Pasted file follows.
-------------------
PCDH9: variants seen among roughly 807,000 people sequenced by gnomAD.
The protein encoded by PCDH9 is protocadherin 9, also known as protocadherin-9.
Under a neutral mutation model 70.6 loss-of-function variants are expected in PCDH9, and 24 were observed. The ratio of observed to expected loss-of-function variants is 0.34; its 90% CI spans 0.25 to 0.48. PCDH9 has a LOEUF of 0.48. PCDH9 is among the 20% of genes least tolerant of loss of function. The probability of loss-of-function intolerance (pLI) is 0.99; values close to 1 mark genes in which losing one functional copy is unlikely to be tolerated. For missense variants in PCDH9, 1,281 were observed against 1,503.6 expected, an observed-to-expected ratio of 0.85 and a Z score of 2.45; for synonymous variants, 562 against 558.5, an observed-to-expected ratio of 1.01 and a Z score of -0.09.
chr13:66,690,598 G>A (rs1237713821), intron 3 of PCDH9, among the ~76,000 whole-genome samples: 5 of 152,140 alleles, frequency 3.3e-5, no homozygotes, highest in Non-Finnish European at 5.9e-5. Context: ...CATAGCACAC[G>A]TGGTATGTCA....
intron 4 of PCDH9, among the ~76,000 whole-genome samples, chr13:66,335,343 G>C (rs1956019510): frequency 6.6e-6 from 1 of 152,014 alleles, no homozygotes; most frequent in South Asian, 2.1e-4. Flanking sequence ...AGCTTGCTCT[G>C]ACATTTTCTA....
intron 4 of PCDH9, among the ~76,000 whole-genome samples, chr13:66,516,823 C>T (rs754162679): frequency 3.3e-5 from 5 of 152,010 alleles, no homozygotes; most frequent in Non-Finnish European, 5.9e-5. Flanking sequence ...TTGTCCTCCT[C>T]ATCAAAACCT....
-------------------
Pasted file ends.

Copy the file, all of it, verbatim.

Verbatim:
PCDH9: variants seen among roughly 807,000 people sequenced by gnomAD.
The protein encoded by PCDH9 is protocadherin 9, also known as protocadherin-9.
Under a neutral mutation model 70.6 loss-of-function variants are expected in PCDH9, and 24 were observed. The ratio of observed to expected loss-of-function variants is 0.34; its 90% CI spans 0.25 to 0.48. PCDH9 has a LOEUF of 0.48. PCDH9 is among the 20% of genes least tolerant of loss of function. The probability of loss-of-function intolerance (pLI) is 0.99; values close to 1 mark genes in which losing one functional copy is unlikely to be tolerated. For missense variants in PCDH9, 1,281 were observed against 1,503.6 expected, an observed-to-expected ratio of 0.85 and a Z score of 2.45; for synonymous variants, 562 against 558.5, an observed-to-expected ratio of 1.01 and a Z score of -0.09.
chr13:66,690,598 G>A (rs1237713821), intron 3 of PCDH9, among the ~76,000 whole-genome samples: 5 of 152,140 alleles, frequency 3.3e-5, no homozygotes, highest in Non-Finnish European at 5.9e-5. Context: ...CATAGCACAC[G>A]TGGTATGTCA....
intron 4 of PCDH9, among the ~76,000 whole-genome samples, chr13:66,335,343 G>C (rs1956019510): frequency 6.6e-6 from 1 of 152,014 alleles, no homozygotes; most frequent in South Asian, 2.1e-4. Flanking sequence ...AGCTTGCTCT[G>C]ACATTTTCTA....
intron 4 of PCDH9, among the ~76,000 whole-genome samples, chr13:66,516,823 C>T (rs754162679): frequency 3.3e-5 from 5 of 152,010 alleles, no homozygotes; most frequent in Non-Finnish European, 5.9e-5. Flanking sequence ...TTGTCCTCCT[C>T]ATCAAAACCT....